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Executives resign three years after woman's bath death

More than three years after a young woman died alone in the bathroom of a group home in Sydney, three disability care executives have resigned from their board positions.

Merna Aprem, a 20-year-old with epilepsy and autism, drowned in the bath of her NDIS-funded residential home in Woodbine on May 23, 2019.

Support workers discovered her face down and surrounded by vomit.

Ms Aprem moved into the group home, managed by the Australian Foundation for Disability (Afford), two months before her death.

Afford chief executive Joanne Toohey appeared before the disability royal commission last week.

She was quizzed about a broad range of safety and training recommendations from the commission's report, which will be publicly released in September.

One week on from the appearance, Afford announced three of its directors had resigned.

"Afford takes full responsibility and accountability for the failings identified by the Royal Commission into Violence, Abuse, Neglect and Exploitation of People with Disability Royal Commission - from 2015 to 2021," the provider said in a statement on Thursday.

"The Afford of today is uncompromising in our commitment to safeguarding our clients and ensuring rights-led client choices and practice."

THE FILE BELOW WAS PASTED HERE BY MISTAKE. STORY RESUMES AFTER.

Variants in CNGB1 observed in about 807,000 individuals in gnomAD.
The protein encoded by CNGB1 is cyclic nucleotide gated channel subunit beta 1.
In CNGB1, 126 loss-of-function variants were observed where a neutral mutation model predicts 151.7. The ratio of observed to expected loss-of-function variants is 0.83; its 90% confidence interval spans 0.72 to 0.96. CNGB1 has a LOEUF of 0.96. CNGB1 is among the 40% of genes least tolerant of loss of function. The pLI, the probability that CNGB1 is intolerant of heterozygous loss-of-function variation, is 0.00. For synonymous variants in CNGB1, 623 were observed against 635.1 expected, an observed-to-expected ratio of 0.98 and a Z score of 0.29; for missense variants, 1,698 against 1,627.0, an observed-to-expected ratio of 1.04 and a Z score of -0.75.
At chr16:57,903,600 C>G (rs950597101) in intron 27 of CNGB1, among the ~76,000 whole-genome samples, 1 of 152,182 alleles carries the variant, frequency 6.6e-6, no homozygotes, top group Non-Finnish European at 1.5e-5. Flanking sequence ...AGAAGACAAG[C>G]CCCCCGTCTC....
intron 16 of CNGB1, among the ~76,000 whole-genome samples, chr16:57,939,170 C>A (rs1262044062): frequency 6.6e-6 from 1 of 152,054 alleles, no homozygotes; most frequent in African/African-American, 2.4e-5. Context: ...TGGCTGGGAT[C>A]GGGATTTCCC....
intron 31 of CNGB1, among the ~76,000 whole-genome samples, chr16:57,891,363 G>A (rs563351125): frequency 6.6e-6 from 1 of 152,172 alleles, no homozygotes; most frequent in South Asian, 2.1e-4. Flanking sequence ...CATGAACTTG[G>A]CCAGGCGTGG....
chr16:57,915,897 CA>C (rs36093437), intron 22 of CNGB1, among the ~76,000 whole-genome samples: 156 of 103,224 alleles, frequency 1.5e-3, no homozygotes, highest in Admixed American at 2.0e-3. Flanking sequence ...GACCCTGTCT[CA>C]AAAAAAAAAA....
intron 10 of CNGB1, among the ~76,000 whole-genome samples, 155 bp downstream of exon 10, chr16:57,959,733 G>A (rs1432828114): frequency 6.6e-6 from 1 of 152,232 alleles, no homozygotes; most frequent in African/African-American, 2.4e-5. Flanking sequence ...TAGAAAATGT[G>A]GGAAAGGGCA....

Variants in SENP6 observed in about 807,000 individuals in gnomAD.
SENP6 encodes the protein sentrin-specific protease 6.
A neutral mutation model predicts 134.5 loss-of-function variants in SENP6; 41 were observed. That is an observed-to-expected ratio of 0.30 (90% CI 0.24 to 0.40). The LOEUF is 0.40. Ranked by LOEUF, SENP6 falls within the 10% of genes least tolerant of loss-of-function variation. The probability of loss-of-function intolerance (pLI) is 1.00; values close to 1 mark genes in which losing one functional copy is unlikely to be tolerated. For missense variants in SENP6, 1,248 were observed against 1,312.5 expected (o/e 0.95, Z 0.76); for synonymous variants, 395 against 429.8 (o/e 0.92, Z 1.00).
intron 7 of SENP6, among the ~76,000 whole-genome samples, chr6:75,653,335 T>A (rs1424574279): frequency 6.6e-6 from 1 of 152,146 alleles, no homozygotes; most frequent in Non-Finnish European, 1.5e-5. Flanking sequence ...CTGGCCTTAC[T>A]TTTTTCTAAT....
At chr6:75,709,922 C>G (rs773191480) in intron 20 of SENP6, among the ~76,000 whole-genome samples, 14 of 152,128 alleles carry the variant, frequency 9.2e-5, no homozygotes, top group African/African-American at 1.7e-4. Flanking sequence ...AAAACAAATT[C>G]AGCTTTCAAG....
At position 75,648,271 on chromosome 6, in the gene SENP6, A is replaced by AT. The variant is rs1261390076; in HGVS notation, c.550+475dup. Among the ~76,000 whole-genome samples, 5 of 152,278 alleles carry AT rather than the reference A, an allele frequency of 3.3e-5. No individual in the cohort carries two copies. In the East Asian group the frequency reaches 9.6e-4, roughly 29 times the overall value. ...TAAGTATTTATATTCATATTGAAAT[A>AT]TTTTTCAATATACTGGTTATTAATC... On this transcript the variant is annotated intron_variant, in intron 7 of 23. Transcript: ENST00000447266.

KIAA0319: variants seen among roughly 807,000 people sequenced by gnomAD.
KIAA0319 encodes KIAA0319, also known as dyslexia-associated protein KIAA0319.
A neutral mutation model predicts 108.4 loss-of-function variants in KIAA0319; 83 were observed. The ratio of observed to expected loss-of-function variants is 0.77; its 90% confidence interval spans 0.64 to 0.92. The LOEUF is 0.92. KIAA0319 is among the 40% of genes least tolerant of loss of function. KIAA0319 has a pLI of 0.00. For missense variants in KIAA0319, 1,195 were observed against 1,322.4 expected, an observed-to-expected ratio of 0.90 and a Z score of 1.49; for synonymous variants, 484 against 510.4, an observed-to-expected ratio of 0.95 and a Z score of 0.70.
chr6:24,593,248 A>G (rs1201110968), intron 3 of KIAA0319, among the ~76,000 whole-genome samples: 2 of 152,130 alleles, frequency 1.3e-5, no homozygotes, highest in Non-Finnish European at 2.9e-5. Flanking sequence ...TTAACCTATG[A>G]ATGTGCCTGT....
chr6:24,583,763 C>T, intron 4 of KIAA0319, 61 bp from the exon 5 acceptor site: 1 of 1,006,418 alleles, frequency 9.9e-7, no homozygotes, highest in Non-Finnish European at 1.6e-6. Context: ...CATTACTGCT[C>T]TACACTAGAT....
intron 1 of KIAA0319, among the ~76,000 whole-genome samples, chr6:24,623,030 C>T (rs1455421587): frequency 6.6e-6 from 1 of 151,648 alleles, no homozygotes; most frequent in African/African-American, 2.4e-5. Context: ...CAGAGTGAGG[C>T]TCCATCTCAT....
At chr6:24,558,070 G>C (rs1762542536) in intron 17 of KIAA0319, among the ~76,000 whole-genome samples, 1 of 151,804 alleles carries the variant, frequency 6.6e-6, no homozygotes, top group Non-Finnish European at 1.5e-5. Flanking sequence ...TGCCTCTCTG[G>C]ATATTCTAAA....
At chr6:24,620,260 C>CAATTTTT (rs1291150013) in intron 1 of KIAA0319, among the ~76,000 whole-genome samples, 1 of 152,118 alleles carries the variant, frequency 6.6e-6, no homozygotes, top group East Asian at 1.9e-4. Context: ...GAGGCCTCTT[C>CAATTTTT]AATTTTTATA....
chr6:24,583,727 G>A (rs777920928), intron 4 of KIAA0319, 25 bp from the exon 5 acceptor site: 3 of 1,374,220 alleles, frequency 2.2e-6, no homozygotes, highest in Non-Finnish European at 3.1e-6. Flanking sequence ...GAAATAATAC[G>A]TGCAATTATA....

The company thanked the directors for their "considerable service".

Submissions about Ms Aprem's death were made to the royal commission by the Autism Advisory and Support Service, who helped her secure National Disability Insurance Scheme funding before she moved into the Woodbine group home.

"I hope the royal commission will ensure positive changes are made where it comes to the care of our vulnerable," the service's Grace Fava told AAP at the time.

In December 2019, the national disability services watchdog took the unprecedented step of suing Afford over Ms Aprem's death, accusing the provider of a litany of failures.

In documents filed in the Federal Court, the watchdog alleged the company failed in its obligations to support Ms Aprem in a safe and competent manner, leaving the 20-year-old at "real and significant risk".

The case remains before the courts.